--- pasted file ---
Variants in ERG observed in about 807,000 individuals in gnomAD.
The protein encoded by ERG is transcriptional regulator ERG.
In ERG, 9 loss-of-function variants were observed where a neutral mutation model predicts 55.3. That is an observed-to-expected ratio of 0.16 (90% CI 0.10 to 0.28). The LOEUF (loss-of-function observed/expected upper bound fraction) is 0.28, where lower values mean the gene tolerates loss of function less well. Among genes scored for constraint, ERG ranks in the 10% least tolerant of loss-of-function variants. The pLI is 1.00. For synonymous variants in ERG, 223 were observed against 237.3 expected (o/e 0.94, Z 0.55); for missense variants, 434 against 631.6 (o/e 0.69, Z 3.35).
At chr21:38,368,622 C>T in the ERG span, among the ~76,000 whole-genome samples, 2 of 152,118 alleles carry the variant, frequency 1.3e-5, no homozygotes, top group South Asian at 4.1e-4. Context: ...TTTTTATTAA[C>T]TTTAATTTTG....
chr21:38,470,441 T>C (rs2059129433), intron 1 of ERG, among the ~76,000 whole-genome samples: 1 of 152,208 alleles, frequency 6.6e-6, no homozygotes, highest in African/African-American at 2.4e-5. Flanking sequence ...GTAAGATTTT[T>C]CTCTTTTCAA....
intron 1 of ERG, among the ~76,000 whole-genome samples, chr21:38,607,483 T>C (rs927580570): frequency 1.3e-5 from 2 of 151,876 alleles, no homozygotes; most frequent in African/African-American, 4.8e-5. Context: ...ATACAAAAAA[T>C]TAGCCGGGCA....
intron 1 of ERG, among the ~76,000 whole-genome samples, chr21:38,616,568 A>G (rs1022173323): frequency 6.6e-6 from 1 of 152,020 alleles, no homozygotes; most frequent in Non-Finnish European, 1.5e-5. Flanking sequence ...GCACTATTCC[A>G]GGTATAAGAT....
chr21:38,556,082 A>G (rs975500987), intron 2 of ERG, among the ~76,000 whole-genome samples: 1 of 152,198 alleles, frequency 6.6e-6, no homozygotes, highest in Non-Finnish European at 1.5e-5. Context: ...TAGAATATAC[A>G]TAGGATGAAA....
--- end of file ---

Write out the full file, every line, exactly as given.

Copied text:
Variants in ERG observed in about 807,000 individuals in gnomAD.
The protein encoded by ERG is transcriptional regulator ERG.
In ERG, 9 loss-of-function variants were observed where a neutral mutation model predicts 55.3. That is an observed-to-expected ratio of 0.16 (90% CI 0.10 to 0.28). The LOEUF (loss-of-function observed/expected upper bound fraction) is 0.28, where lower values mean the gene tolerates loss of function less well. Among genes scored for constraint, ERG ranks in the 10% least tolerant of loss-of-function variants. The pLI is 1.00. For synonymous variants in ERG, 223 were observed against 237.3 expected (o/e 0.94, Z 0.55); for missense variants, 434 against 631.6 (o/e 0.69, Z 3.35).
At chr21:38,368,622 C>T in the ERG span, among the ~76,000 whole-genome samples, 2 of 152,118 alleles carry the variant, frequency 1.3e-5, no homozygotes, top group South Asian at 4.1e-4. Context: ...TTTTTATTAA[C>T]TTTAATTTTG....
chr21:38,470,441 T>C (rs2059129433), intron 1 of ERG, among the ~76,000 whole-genome samples: 1 of 152,208 alleles, frequency 6.6e-6, no homozygotes, highest in African/African-American at 2.4e-5. Flanking sequence ...GTAAGATTTT[T>C]CTCTTTTCAA....
intron 1 of ERG, among the ~76,000 whole-genome samples, chr21:38,607,483 T>C (rs927580570): frequency 1.3e-5 from 2 of 151,876 alleles, no homozygotes; most frequent in African/African-American, 4.8e-5. Context: ...ATACAAAAAA[T>C]TAGCCGGGCA....
intron 1 of ERG, among the ~76,000 whole-genome samples, chr21:38,616,568 A>G (rs1022173323): frequency 6.6e-6 from 1 of 152,020 alleles, no homozygotes; most frequent in Non-Finnish European, 1.5e-5. Flanking sequence ...GCACTATTCC[A>G]GGTATAAGAT....
chr21:38,556,082 A>G (rs975500987), intron 2 of ERG, among the ~76,000 whole-genome samples: 1 of 152,198 alleles, frequency 6.6e-6, no homozygotes, highest in Non-Finnish European at 1.5e-5. Context: ...TAGAATATAC[A>G]TAGGATGAAA....